Cyprus is “far ahead” in ensuring the quality and safety of blood provided to patients, according to Head of the Blood Centre, Androulla Panayiotou said on Thursday.

She made these comments in response to a scandal in Britain involving contaminated blood transfusions that led to the deaths of 3,000 people from viruses, mainly hepatitis C and HIV.

Panayiotou explained that Cyprus employs advanced molecular blood testing and chemiluminescence testing, the latest technology in the field.

“We are also helped by the fact that our donors are volunteer blood donors who give blood regularly and are tested all the time. Additionally, we do not pay for donations, which helps avoid attracting donors motivated solely by financial gain,” she explained.

Panayiotou said that there has also been an inspection this year by the European Commission, which commended Cyprus for the latest methods used for blood testing.

“There are quality checks, there are also checks by foreign laboratories, we have ISO accreditation, we are very much ahead in terms of quality,” she added.

We do everything possible to offer safe products to our patients, all quality checks are done, we have the latest blood testing methods, we have volunteer blood donors who are constantly checked and they come consciously to donate blood to help their fellow people so they are not going to hide anything from us in the interview we give or in the questionnaire they fill out,” she added.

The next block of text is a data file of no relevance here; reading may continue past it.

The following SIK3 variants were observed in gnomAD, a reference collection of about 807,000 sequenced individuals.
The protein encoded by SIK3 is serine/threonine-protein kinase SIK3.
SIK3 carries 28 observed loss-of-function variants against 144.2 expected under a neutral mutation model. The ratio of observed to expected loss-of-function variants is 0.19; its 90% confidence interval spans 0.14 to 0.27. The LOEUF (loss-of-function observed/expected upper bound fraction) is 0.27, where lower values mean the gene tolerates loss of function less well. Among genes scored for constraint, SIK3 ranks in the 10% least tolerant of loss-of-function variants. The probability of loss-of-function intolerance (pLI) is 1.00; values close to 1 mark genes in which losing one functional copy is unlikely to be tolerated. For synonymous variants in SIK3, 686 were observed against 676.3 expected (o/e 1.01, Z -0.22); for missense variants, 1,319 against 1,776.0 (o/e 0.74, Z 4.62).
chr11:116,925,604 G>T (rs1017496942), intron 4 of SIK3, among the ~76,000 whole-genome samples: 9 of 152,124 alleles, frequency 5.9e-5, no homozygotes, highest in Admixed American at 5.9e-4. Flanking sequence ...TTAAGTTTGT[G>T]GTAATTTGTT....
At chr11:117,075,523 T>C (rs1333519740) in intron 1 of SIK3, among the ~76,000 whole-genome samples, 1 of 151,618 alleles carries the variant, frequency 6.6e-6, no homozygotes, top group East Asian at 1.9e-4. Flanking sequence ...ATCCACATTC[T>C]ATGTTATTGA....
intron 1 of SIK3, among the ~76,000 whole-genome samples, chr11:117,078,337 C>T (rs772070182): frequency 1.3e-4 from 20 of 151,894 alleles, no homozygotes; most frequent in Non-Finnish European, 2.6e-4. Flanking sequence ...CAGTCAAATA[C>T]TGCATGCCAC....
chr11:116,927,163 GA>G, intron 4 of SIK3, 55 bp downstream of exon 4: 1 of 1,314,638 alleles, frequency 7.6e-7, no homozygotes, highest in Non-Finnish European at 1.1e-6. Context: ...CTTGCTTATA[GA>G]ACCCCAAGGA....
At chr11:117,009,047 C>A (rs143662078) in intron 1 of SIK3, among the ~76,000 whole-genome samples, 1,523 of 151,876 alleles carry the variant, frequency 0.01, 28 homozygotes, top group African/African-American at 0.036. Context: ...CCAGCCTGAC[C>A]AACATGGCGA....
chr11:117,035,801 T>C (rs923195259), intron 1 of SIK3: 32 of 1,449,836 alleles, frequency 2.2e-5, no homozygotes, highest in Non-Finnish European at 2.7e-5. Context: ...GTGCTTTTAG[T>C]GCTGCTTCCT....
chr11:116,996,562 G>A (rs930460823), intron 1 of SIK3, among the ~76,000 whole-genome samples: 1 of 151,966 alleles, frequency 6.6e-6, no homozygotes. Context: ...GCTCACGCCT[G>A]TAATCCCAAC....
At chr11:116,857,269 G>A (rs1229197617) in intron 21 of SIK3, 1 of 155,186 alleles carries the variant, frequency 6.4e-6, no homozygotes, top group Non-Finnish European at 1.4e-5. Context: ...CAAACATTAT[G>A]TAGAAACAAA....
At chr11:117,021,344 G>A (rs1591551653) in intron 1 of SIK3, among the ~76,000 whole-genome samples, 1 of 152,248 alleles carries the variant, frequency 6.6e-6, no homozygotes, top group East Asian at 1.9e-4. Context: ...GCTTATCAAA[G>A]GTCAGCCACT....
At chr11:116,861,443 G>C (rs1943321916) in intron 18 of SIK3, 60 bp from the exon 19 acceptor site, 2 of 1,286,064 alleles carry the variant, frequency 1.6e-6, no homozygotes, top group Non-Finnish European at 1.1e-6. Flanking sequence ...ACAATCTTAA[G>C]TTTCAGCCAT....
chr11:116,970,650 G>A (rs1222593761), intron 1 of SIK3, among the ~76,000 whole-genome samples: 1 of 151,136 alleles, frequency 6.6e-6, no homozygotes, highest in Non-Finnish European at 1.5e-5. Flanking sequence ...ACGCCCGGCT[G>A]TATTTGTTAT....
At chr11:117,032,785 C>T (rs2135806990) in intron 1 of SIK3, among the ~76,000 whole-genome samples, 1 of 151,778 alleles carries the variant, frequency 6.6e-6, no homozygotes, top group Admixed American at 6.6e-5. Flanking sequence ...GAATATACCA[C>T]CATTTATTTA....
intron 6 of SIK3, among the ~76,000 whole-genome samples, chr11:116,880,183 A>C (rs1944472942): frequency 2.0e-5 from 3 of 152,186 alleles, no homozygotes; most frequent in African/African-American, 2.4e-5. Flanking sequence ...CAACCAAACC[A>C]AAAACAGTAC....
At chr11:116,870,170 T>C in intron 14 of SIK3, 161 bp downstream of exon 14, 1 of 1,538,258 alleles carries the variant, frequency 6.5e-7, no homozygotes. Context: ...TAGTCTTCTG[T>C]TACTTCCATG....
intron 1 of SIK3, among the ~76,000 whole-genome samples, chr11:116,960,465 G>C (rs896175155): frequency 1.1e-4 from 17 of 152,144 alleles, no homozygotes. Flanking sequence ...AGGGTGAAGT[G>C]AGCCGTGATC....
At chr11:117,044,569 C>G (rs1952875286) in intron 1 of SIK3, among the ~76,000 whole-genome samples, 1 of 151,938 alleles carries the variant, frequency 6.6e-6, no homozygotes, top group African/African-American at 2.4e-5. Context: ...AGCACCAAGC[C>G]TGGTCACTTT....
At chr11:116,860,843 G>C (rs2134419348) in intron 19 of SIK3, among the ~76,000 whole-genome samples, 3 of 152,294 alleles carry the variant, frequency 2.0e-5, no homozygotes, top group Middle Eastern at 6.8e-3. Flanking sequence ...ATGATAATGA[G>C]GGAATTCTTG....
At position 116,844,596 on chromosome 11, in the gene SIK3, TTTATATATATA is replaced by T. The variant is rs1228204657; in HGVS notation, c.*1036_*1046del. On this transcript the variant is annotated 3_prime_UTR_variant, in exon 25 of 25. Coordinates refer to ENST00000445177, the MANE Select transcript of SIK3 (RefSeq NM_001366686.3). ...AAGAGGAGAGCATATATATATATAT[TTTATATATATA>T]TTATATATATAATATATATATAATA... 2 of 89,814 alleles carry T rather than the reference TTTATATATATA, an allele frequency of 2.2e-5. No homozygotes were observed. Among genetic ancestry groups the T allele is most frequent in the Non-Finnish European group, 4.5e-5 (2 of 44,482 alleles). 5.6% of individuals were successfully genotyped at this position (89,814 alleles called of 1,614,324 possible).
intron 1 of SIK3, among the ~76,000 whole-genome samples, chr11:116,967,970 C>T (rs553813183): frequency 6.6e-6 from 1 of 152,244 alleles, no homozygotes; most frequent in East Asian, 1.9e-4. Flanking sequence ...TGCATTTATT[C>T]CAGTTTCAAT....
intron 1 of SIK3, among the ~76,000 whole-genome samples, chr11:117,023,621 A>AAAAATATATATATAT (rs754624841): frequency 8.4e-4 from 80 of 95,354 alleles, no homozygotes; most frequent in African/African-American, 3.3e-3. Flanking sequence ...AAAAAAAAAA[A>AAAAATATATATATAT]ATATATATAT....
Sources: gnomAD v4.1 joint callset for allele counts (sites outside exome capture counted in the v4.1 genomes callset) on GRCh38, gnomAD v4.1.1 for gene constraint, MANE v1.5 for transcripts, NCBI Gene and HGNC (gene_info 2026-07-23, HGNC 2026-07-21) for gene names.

Asked if the donor questionnaire includes a question about receiving transfusions in Britain, Panayiotou confirmed it simply asks if they have ever received a transfusion.

She highlighted that donors who have had transfusions in the UK have been excluded for several years.

“We should thank our volunteer blood donors who respond to our call and that is why we do not have the need to buy blood from overseas or blood derivatives, that carry various risks,” she said.

“Frequent donations from regular donors reduce the possibility of disease transmission to our patients.”

Asked to comment on the scandal in Britain, Panayiotou said that “it seems that there were many oversights and unfortunately there was a cover-up, so the problem was not dealt with in time”.

Panayiotou urged blood donors in Cyprus to continue donating regularly, noting that Cyprus is one of the first countries to have volunteer blood donors.

“As long as we can and keep voluntary blood donation then we have less risk of spreading diseases,” she concluded.